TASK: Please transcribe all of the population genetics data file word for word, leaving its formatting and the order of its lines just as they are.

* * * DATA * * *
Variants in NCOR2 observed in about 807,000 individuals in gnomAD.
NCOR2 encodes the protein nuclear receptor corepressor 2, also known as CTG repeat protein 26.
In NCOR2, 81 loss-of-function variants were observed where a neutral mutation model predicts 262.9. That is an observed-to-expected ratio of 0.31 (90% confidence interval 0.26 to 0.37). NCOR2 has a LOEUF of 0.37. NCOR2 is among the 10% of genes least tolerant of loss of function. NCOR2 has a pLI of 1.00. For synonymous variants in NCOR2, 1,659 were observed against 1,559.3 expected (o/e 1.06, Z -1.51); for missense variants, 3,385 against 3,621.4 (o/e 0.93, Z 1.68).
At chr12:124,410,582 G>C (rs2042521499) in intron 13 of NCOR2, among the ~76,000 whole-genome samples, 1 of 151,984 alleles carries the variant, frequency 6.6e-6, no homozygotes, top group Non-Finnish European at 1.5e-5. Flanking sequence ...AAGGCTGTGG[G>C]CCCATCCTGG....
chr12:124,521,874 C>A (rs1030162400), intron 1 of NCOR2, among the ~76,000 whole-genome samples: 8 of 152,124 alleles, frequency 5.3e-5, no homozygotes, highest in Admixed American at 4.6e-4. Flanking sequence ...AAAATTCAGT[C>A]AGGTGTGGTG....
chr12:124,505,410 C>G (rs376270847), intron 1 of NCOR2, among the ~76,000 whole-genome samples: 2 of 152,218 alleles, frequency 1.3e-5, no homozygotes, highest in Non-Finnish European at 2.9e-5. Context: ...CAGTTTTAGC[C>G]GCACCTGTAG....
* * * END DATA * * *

Variants in NCOR2 observed in about 807,000 individuals in gnomAD.
NCOR2 encodes the protein nuclear receptor corepressor 2, also known as CTG repeat protein 26.
In NCOR2, 81 loss-of-function variants were observed where a neutral mutation model predicts 262.9. That is an observed-to-expected ratio of 0.31 (90% confidence interval 0.26 to 0.37). NCOR2 has a LOEUF of 0.37. NCOR2 is among the 10% of genes least tolerant of loss of function. NCOR2 has a pLI of 1.00. For synonymous variants in NCOR2, 1,659 were observed against 1,559.3 expected (o/e 1.06, Z -1.51); for missense variants, 3,385 against 3,621.4 (o/e 0.93, Z 1.68).
At chr12:124,410,582 G>C (rs2042521499) in intron 13 of NCOR2, among the ~76,000 whole-genome samples, 1 of 151,984 alleles carries the variant, frequency 6.6e-6, no homozygotes, top group Non-Finnish European at 1.5e-5. Flanking sequence ...AAGGCTGTGG[G>C]CCCATCCTGG....
chr12:124,521,874 C>A (rs1030162400), intron 1 of NCOR2, among the ~76,000 whole-genome samples: 8 of 152,124 alleles, frequency 5.3e-5, no homozygotes, highest in Admixed American at 4.6e-4. Flanking sequence ...AAAATTCAGT[C>A]AGGTGTGGTG....
chr12:124,505,410 C>G (rs376270847), intron 1 of NCOR2, among the ~76,000 whole-genome samples: 2 of 152,218 alleles, frequency 1.3e-5, no homozygotes, highest in Non-Finnish European at 2.9e-5. Context: ...CAGTTTTAGC[C>G]GCACCTGTAG....